A twin-engine Army airplane crashed into woods in a dense blanket of fog near Davison Airfield at Fort Belvoir yesterday morning, killing all four servicemen aboard.

The plane, a twin turboprop from Fort Bragg, N.C., slammed into a wooded area about a quarter-mile from the field's runway just north of U.S. Rte. 1 at 6:47 a.m., according to Army officials. Aboard were the pilot, copilot and two passengers, one of whom was an officer.

Witnesses reported hearing a loud explosion when the plane went down. "There was one great big kaboom," said Maj. Joe Bowab, who said he was outdoors at the base when the crash occurred.

Authorities at the airfield said the plane, an Army U-21 Alpha, an executive airplane that is the military version of the civilian Beech King Air, apparently was on an instrument approach.

They said visibility at the time -- one mile, with an estimated 100-foot fog ceiling -- was below minimum standards for a safe landing, but that the pilot would have had the option of descending to 200 feet to survey runway conditions. The field, located southeast of Shirley Highway , was closed immediately after the crash, officials said.

Four safety experts from the Army Aviation Center at Fort Rucker, Ala., went to Fort Belvoir to determine the cause of the accident. Officials said the charred and scattered debris will be examined and a recording of communication between the pilot and the tower at the airfield will be played. The recording was made in the tower; the plane was not carrying a cockpit voice recorder.

At the crash scene yesterday, officials said they did not know what caused the plane to go down. "At this point, there is no indication of any trouble before" the crash, said Lt. Col. Miguel Monteverde, an Army spokesman.

The plane, which could carry four passengers in addition to a crew of two, left Fort Bragg at 5:34 a.m. and was due at Davison about 7 a.m., officials said. A spokesman for Walter Reed Army Medical Center in Washington said it was a regular Wednesday flight to shuttle doctors from Walter Reed to the North Carolina post.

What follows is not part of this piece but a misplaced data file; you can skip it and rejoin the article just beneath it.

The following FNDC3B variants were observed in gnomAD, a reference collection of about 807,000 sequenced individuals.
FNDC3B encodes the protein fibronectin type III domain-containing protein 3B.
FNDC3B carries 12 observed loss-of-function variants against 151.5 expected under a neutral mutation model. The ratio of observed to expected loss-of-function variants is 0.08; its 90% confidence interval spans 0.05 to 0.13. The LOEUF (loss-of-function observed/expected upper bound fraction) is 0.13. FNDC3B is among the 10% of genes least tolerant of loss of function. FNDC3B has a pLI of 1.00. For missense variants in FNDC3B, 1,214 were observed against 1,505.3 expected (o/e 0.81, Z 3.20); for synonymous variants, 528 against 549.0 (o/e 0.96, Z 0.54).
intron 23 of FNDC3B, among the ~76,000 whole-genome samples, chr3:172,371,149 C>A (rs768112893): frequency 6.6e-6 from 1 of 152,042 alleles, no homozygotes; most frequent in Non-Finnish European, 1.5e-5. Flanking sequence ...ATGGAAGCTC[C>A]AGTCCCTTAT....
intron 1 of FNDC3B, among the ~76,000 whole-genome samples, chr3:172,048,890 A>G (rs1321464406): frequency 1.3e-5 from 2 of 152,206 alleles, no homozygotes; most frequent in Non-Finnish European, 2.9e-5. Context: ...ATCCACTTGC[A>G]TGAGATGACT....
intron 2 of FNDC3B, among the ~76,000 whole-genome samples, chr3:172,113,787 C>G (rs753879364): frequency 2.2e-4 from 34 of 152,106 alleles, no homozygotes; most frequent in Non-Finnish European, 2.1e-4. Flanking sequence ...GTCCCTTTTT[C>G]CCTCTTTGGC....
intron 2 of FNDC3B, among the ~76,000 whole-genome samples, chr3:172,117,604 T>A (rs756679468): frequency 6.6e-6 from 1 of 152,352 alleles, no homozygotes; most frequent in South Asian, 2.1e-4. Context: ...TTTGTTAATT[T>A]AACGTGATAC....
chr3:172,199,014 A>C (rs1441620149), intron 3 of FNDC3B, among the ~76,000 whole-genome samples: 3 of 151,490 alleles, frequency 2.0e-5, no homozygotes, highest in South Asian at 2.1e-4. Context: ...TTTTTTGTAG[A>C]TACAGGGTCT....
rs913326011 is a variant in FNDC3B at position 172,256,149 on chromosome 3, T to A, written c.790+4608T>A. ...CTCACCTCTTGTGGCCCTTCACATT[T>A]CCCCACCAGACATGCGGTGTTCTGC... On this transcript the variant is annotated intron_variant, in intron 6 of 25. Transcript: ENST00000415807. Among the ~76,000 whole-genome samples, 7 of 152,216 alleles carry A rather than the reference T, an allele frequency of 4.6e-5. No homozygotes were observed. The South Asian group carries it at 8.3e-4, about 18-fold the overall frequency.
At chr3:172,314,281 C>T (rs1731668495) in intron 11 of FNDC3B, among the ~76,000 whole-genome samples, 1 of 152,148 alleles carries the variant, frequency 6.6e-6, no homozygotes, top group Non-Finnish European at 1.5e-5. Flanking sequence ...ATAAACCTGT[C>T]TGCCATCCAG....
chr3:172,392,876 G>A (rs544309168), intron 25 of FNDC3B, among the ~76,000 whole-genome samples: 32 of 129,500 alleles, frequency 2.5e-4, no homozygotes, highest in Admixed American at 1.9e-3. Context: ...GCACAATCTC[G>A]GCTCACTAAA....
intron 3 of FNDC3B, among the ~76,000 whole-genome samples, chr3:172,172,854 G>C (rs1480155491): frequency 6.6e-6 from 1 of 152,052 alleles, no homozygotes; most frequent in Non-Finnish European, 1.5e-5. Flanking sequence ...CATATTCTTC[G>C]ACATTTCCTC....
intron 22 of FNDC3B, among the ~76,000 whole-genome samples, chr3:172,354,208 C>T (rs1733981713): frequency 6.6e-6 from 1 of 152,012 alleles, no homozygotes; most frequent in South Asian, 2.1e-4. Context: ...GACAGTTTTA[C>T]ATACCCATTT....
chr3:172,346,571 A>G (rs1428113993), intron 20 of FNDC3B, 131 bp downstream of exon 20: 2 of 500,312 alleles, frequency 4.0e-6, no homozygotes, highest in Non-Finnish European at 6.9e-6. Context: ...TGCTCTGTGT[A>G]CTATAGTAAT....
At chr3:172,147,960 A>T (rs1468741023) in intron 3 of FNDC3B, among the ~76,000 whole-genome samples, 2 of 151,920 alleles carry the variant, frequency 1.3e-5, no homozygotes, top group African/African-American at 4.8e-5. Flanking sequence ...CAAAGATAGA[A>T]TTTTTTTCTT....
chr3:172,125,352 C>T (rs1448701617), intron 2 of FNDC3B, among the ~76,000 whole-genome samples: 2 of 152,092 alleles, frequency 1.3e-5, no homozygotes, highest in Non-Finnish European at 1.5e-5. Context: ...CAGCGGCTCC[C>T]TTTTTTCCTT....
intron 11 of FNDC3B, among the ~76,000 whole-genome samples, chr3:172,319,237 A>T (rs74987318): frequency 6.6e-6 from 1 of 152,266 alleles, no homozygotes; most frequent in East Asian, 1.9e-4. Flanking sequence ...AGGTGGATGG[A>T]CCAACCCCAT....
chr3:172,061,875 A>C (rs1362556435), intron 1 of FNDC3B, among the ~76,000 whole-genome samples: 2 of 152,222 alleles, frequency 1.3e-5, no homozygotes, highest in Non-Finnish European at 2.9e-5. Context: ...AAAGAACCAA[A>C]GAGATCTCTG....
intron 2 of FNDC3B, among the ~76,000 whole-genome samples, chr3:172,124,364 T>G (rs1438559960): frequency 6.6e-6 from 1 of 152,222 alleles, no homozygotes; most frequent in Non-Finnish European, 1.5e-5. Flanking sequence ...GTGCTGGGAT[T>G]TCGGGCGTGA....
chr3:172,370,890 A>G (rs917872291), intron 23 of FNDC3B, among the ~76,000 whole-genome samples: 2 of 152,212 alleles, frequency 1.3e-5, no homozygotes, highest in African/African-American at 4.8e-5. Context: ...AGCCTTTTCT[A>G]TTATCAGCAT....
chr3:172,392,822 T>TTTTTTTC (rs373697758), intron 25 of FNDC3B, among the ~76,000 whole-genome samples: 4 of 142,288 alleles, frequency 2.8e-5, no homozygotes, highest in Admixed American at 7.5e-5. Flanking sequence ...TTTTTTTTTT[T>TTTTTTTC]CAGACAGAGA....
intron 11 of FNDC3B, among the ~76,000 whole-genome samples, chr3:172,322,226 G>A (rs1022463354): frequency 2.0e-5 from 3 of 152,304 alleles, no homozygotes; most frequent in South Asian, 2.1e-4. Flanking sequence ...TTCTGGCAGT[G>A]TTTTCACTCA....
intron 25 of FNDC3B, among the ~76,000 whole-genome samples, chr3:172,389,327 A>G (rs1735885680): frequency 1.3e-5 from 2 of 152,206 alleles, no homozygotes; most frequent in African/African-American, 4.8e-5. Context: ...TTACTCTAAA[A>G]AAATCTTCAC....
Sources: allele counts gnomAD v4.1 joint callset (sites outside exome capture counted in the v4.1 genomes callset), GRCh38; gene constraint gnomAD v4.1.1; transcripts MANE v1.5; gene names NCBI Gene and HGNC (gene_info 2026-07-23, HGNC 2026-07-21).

The plane crashed into the woods from the southeast, shearing off tops of trees in its path and scattering debris over an area of more than 1,000 square yards. There were unconfirmed reports that witnesses saw a fireball above the treeline at the time of the crash.

Four Walter Reed physicians who were scheduled to take the plane's return flight to Fort Bragg were at the airstrip when the crash occurred and rushed to the scene to see if they could help.

One of them, Lt. Col. Allan Glass, said he was sitting in the terminal reading a newspaper when "something shook." When he ran to the scene, he said, he found smoldering fires around the wreckage of the plane and smoke. He said three of the bodies were in a pile, and the fourth was off to the side.

Reporters led to the scene yesterday afternoon saw a charred heap of twisted metal in a thick forest of oaks and poplars. The wreckage was not distinguishable as an aircraft. A bright yellow hunk of the fuselage, evidently torn off as the plane crashed into the woods, was perched about 30 feet up in one of the trees. Debris was strewn all around.

The plane is commonly used in the Army to ferry people and small cargo, officials said. A spokesman for Beech Aircraft Corp. said planes like the one in yesterday's crash have a "very reliable" safety record. Beech started producing the plane in 1967, a company spokesman said.

Davison Airfield, located about 15 miles south of Washington, generally is used as a base from which to ferry military officers from out of town around the metropolitan area.

The four men killed in the crash were identified as Chief Warrant Officer Richard N. Blunt, 44, the pilot, of Richmond; Chief Warrant Officer 3 John D. Hensley, 39, the copilot, of Cameron, N.C.; Lt. Col. James E. Palmer, 44, of Franklin, N.C., and Master Sgt. William M. Reeves, 46, of Palatka, Fla.